Frequent flier accounts for the Dynamo coaching staff are seeing plenty of action this month, as the organization steps up its effort to find talent for the 2011 season. Trips are scheduled to several different continents, with more in the works, and that’s in addition to a heavy slate of college scouting. There’s work to be done.
Dominic Kinnear heads to Brazil Monday night, while assistants Wade Barrett and Steve Ralston head to Colombia later this week. Goalkeepers coach Tim Hanley will be keeping an eye on college talent stateside. The remainder of the fall includes major trips to Martinique and Ghana, the ACC Tournament, and the NCAA College Cup. It is a busy itinerary, one designed to give the coaching staff more options when deciding which players to bring into preseason next year.
“I think with expansion, there’s increased importance for us to look outside the United States,” Kinnear said. “We have to make sure we take the opportunities that are put in front of us and see as many players as possible.”
In the past, with less roster turnover than is anticipated this year and with fewer total roster slots, the Dynamo coaches have focused their time on scouting the college ranks, recruiting established MLS or international players, and maybe going to one international tournament – such as the Caribbean Cup or Copa Chivas. This year, the Dynamo have multiple trips, usually assisted by agents who can point coaches in the direction of particular games that are worth their while.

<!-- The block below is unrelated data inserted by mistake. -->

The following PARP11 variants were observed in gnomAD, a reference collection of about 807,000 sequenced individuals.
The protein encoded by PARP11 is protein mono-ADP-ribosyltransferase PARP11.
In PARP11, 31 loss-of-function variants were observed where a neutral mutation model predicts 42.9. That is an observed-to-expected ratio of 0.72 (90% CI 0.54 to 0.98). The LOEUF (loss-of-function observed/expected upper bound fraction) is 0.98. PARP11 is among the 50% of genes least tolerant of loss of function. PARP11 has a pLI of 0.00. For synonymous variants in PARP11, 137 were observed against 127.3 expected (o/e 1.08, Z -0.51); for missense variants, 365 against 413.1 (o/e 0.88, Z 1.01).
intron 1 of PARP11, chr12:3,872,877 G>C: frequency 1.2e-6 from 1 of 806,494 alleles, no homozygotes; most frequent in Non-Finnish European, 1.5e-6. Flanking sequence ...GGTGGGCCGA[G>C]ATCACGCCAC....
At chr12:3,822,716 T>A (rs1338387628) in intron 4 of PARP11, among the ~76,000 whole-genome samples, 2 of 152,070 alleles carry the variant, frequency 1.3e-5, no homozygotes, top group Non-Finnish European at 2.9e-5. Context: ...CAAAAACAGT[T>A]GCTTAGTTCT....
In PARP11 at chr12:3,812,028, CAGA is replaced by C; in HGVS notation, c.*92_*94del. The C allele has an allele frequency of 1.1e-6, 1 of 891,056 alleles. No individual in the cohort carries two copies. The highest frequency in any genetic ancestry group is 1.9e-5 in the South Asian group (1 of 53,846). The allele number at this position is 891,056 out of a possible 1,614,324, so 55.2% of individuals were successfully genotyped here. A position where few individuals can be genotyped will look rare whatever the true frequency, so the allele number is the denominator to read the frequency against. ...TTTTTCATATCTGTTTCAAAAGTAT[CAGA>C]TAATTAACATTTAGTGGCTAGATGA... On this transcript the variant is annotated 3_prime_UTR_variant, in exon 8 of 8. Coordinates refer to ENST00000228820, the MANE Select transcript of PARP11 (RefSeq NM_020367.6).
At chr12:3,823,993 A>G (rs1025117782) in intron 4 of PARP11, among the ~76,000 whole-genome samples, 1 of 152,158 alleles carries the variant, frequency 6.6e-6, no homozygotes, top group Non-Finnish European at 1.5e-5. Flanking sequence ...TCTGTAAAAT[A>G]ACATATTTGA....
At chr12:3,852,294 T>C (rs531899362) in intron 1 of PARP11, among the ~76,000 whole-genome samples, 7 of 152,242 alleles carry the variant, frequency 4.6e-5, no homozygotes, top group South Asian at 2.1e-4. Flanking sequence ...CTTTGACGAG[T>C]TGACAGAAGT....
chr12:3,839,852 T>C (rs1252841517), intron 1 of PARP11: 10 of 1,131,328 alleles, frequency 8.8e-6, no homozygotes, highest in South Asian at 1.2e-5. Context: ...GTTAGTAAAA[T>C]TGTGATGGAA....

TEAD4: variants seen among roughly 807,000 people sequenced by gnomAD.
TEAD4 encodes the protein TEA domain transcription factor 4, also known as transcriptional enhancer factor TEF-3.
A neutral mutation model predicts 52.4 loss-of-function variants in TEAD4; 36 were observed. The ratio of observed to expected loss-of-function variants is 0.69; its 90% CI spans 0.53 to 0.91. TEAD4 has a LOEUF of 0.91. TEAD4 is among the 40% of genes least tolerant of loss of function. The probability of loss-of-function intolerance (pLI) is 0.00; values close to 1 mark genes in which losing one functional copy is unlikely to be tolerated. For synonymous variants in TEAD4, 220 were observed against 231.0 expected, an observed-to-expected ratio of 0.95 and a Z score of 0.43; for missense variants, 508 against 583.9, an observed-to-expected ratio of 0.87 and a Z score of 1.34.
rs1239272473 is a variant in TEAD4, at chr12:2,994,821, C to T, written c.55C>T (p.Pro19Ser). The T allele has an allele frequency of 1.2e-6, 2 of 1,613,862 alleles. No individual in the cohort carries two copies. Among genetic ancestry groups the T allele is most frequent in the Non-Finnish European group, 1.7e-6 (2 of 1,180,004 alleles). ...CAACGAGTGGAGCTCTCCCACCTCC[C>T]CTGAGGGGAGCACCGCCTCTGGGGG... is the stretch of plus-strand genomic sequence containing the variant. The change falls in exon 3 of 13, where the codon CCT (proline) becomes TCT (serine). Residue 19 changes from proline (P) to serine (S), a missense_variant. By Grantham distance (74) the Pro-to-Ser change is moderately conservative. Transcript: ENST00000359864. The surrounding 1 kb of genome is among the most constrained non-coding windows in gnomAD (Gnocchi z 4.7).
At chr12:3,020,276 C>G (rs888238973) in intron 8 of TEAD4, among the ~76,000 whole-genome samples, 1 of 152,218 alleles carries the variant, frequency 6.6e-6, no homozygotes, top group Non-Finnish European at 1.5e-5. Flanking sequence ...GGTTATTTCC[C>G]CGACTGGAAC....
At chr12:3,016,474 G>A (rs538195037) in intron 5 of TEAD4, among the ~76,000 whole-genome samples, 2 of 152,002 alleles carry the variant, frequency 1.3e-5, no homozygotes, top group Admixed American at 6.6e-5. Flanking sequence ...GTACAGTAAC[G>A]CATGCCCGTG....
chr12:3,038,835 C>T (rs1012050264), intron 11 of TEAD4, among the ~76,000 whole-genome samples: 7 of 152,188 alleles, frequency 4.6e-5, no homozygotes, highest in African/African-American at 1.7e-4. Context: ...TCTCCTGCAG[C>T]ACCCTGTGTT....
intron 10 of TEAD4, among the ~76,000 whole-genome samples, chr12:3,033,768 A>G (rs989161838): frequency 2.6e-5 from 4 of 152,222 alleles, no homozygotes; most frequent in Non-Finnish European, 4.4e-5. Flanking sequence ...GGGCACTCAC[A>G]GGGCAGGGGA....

“We work with agents, usually ones we’ve worked with in the past, who help us set up itineraries where there are lots of senior games to be seen,” Kinnear said. “We watch the first and second division and also reserve games where sometimes players will be invited in who are free of contract, since that makes sense for us.”
Coaches and scouts not only have to identify talented players, but they have to try to gauge players’ ability to mesh with potential Dynamo teammates. Andrew Hainault and Lovel Palmer are two examples of Houston players who spent time training with the club before being signed.
“I think it’s always advantageous to see how they do in our environment,” Kinnear said. “Lovel is maybe the best example of that. He was highly recommended, but we wanted to see how he mixed with the guys and handled the competition. It’s one thing if you’re picking a guy who’s played over 200 games for Chelsea, but if there’s a touch of the unknown, it’s best to see players with your own two eyes.”
Kinnear and his staff will see plenty of games over the next two months and are even bringing in about 20 players – mostly South and Central American – for a four-day player combine in Houston in mid-November. Comparing players from all these different environments – college soccer, a training combine, overseas games – may be the biggest wildcard of the task facing Kinnear and his technical staff.
“That’s the most difficult part,” Kinnear said. “You don’t know how they’ll compare until you find out first-hand. Guys from the draft this year – Danny Mwanga, Tim Ream, Tony Chani – at the combine looked very good, but you don’t know that they’re going to be good professionals.”
For all players being considered, their potential adjustment to Major League Soccer and, in some cases to the United States, is also a concern.
“Whether they’re in college or overseas, they may stand out, but how will they handle the rigors of a physical, enduring season like MLS?” Kinnear said. “You pick players on quality and athletic ability, and then you take a chance on seeing if they can handle it.”
With plenty of uncertainty heading into these trips, one thing Kinnear is sure of is what he’s looking for:
“I look for good touch,” Kinnear said. “I want a guy that can play. He can be an athlete all you want, but if he can’t play, it’s not going to work. You need to be a good soccer player first.”